The movie cuts to Diego, when she comes of age. We see her going through typical butch lesbian hell: being mistaken for a man whenever she goes to a female toilet, having her mother pester her about her lack of breasts, and being forced to try on skirts and bras (the scene where she tries one on is simultaneously funny and sad – it’s just so wrong to see somebody so butch wearing a bra), bandaging her breasts, and having a fling with a girl (a young Lily I presume, as this story revolves around Diego – a six degrees of separation of Diego, if you will). Diego works for the family troupe, the Ru Zhen Yen troupe, which is on the brink of bankruptcy, going out of business because it refuses to innovate, like the other troupes.
Unlike Chou’s earlier feature, this film’s emphasis is on gay and (primarily butch-femme) lesbian relationships and how they intersect and interact with the larger, largely conservative society. As with other films dealing with Asian GLBT lives, the reality of marriages for convenience exist, as do the threat of social ostracism and family disownment. In a society such as Taiwan’s, with residual Confucian values that emphasize allegiance and loyalty to family above all else, losing one’s family is equivalent to death.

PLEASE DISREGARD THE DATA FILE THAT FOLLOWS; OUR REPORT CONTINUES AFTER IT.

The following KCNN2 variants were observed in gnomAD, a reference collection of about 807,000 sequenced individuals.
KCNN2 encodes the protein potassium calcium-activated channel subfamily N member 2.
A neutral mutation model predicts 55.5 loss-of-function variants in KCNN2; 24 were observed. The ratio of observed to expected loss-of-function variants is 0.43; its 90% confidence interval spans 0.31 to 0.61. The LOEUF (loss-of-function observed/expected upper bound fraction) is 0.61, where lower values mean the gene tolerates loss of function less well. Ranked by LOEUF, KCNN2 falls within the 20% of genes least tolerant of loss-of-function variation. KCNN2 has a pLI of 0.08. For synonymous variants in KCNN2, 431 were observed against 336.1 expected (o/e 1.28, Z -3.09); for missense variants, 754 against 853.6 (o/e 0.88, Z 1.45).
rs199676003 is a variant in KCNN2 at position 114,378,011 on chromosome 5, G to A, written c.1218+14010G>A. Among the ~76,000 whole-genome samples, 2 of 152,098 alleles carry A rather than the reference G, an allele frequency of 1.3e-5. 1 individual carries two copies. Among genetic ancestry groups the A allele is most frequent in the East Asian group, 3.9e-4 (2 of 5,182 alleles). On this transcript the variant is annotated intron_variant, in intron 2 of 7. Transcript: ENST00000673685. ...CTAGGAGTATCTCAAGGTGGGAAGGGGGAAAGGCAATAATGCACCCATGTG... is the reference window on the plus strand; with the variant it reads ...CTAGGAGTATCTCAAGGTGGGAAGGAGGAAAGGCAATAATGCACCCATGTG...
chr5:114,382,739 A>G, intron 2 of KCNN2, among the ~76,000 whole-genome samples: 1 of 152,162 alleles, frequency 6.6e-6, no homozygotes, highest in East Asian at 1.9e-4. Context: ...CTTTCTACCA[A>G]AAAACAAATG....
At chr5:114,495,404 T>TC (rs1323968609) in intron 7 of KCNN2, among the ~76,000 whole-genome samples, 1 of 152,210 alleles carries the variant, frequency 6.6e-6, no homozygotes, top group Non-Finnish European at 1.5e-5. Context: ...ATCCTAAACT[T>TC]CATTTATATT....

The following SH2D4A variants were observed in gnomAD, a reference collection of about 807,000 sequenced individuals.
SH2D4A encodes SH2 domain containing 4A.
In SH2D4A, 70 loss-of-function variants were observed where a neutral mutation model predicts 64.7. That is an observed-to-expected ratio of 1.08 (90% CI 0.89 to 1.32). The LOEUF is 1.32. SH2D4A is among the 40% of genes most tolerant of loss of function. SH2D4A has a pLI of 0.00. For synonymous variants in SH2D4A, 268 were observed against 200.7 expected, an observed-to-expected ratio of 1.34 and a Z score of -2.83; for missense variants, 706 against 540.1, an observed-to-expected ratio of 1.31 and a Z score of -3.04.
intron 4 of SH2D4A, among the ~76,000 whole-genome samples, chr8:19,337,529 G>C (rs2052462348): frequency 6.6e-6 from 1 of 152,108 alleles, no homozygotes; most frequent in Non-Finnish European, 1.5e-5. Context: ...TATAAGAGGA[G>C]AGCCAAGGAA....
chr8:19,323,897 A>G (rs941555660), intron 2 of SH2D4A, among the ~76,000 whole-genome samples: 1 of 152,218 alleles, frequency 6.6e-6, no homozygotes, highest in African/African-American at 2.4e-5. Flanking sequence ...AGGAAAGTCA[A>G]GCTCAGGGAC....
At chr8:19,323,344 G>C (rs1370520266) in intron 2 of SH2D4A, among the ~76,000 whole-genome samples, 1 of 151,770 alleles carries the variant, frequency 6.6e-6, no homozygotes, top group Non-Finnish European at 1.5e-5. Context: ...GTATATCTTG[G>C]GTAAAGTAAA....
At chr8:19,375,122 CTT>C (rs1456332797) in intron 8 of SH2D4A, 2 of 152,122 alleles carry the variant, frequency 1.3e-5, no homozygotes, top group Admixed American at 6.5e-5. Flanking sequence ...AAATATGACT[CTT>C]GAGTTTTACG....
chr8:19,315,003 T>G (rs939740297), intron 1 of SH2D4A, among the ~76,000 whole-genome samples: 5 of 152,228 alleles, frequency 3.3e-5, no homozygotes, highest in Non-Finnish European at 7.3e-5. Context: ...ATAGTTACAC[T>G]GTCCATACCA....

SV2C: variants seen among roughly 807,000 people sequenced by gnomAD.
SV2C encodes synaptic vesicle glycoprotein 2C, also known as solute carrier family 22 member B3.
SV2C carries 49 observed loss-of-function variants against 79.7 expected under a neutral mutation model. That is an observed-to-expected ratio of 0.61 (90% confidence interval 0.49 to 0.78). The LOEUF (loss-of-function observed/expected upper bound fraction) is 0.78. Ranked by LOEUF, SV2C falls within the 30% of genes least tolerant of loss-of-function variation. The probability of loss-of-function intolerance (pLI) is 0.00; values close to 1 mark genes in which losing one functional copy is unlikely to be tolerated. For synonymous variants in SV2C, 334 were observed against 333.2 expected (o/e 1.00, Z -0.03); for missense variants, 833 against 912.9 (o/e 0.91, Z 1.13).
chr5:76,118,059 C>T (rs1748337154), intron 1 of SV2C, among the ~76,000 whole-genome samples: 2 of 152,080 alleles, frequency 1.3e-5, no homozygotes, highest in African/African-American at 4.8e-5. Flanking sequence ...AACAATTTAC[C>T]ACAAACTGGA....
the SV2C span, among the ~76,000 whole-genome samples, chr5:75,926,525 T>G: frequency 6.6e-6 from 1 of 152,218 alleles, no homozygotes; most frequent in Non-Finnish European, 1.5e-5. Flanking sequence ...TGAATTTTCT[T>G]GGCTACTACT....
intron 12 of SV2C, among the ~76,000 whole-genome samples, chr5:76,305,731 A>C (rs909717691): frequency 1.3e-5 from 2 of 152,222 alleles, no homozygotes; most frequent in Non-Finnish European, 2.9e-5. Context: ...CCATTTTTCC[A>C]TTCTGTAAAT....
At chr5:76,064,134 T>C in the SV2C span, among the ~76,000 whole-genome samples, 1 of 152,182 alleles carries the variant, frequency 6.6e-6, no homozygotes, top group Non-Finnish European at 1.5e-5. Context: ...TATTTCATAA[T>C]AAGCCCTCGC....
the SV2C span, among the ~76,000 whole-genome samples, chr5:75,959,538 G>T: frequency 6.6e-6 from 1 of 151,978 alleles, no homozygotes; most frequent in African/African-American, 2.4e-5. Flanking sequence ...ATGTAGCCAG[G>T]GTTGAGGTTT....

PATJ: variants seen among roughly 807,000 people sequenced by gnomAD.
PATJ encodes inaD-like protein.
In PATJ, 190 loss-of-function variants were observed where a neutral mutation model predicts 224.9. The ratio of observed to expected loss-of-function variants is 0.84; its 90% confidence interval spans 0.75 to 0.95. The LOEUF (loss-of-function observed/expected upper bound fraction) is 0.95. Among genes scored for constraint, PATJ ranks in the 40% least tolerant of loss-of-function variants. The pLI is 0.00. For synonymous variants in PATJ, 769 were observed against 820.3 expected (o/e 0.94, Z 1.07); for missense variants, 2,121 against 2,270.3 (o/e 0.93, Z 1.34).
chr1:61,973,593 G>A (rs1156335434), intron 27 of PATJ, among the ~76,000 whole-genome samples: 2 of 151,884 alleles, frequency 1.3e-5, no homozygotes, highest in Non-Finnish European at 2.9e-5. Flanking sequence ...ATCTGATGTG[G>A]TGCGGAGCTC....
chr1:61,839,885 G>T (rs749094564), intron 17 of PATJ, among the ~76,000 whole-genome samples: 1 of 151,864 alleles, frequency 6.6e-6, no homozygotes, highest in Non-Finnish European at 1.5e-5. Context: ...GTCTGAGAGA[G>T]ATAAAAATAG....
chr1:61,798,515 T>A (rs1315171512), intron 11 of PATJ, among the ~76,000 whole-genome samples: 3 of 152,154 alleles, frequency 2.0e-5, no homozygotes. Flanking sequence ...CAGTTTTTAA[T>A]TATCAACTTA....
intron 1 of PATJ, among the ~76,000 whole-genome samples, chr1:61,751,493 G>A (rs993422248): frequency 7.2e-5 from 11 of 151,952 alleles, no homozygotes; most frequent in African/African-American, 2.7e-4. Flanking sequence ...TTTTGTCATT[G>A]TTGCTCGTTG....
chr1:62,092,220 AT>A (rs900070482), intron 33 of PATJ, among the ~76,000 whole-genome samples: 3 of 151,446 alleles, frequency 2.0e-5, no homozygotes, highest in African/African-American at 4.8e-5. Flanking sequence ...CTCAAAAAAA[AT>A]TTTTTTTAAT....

As I mentioned I’ve actually had to watch this again, not just to understand it, but see if I missed something, because the first time I watched it, it left me largely unsatisfied and feeling like I’d been short-changed. When I first saw it, I thought that dividing the movie into three unrelated parts, with each one ending abruptly, was unsatisfactory and ill-advised. I thought the first part, Ging’s heartbreaking story, was, if not entirely new, was still absorbing, and I would have wanted to have her life and her dealing with her identity and sexuality in detail in the next parts of the movie. However, this is not an American lesbian film where much of the processing is external and overly verbalized (with none of the L-Word drama that comes with it. If this where L-Word, you would see Ging and Diego raising hell over the foster mother’s refusal to give young Meigo back. Heck, if this were L-Word, Diego would have kidnapped or taken Meigo by force). Being an Asian film, the processing is mostly internal, and you see this results of this processing on-screen: after many years, Diego and Ging are still together, fearlessly showing their affection to each other publicly, while Meigo, despite herself, finds herself drawn to butch lesbians and has already accepted Ging’s relationship with Diego.